During my visit to the Columbus Division of Police’s Mounted Patrol barn, I learned a lot.  The purpose of my visit was to gain more insight on the life of Willie, their recently departed equine officer, but in general was to learn about the department and it’s operations.  I got more photos than I shared with you last week, and rather than let them fade from memory in my iCloud, I thought I’d share them with you too.


Their current location is the former Police Academy.  The property now also serves as HQ for the K-9 Units, as well as the SWAT department.  I referred to it as “the island of misfit toys” in a way, which got a laugh.  The concrete block building known as “home” to their equine officers, was built in the early 1900’s for use by the refuse/trash horses, but never actually housed it’s intended residents.  The refuse department switched to motor vehicles before the horses could be moved in to their new facility.  The Mounted Patrol horses ended up being the first to live in the barn when it began in 1984.


Currently nine of the fourteen stalls are in use, and they’re in search of new horses to join the unit.  They’re supervised by Sergeant Robert Forsythe and are staffed with six officers and two part time hostlers.


In addition to their daily activities, the horses are regularly trained for a variety of tasks to keep them fresh and ensure the horse and rider teams are on point when their training is put to use.  They also travel for training to Washington DC and Mobile, AL.  It isn’t all work and no play though, part of the training in Mobile included assisting the local departments during Mardi Gras, and leading the parade.  Like their human officers, the horses not only have to perform their official duties, they also have to serve as ambassadors to the department.  An example given was after the reporters and cameras leave the scene of a protest, it’s common for protesters to approach the Mounted Patrol officers and ask to pet the horses.  This presents them with an opportunity to engage with the protesters in a calmer setting, and develop a positive relationship, to end the day on a good note.  Allowing the public to view them as friend rather than foe, is critical to the mission of the team.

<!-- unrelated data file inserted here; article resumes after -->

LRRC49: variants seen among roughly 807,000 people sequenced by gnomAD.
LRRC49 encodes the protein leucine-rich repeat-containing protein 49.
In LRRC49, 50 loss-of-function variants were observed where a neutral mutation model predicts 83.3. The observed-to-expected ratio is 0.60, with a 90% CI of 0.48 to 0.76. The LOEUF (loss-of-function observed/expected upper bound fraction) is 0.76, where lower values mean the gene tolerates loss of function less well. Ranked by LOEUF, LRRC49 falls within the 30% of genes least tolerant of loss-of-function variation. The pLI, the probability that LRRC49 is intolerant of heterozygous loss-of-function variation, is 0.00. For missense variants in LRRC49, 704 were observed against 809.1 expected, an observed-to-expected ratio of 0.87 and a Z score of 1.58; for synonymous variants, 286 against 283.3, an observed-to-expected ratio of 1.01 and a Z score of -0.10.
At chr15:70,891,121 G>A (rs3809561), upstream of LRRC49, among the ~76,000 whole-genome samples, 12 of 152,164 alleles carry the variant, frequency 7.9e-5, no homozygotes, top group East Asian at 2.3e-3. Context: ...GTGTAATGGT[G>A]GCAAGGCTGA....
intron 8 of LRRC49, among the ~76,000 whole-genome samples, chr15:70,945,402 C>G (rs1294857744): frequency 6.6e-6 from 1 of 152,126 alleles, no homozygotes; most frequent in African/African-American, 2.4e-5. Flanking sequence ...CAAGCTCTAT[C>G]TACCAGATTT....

The facility is open to the public, tours may be scheduled through the Division of Police.  You can find more information about them here:



Joy stops to inspect my phone


Off-duty officers enjoying some fresh air


Willie’s BFF, Glory, pauses long enough to pose

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Maddie, I quickly learned, loves the camera


A familiar scene in any barn, rows of equipment, awaiting it’s next use

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Maddie again, and a failed attempt at a selfie.  Did I mention she loves the camera?


Tools of the trade.  Well-worn shoes with studs to offer traction on their mostly-pavement patrol routes.


Joy, ready for dinner


Mama taught me never show up empty handed (carrots, apples and peppermints for everyone!)


And that camera-loving Maddie one more time…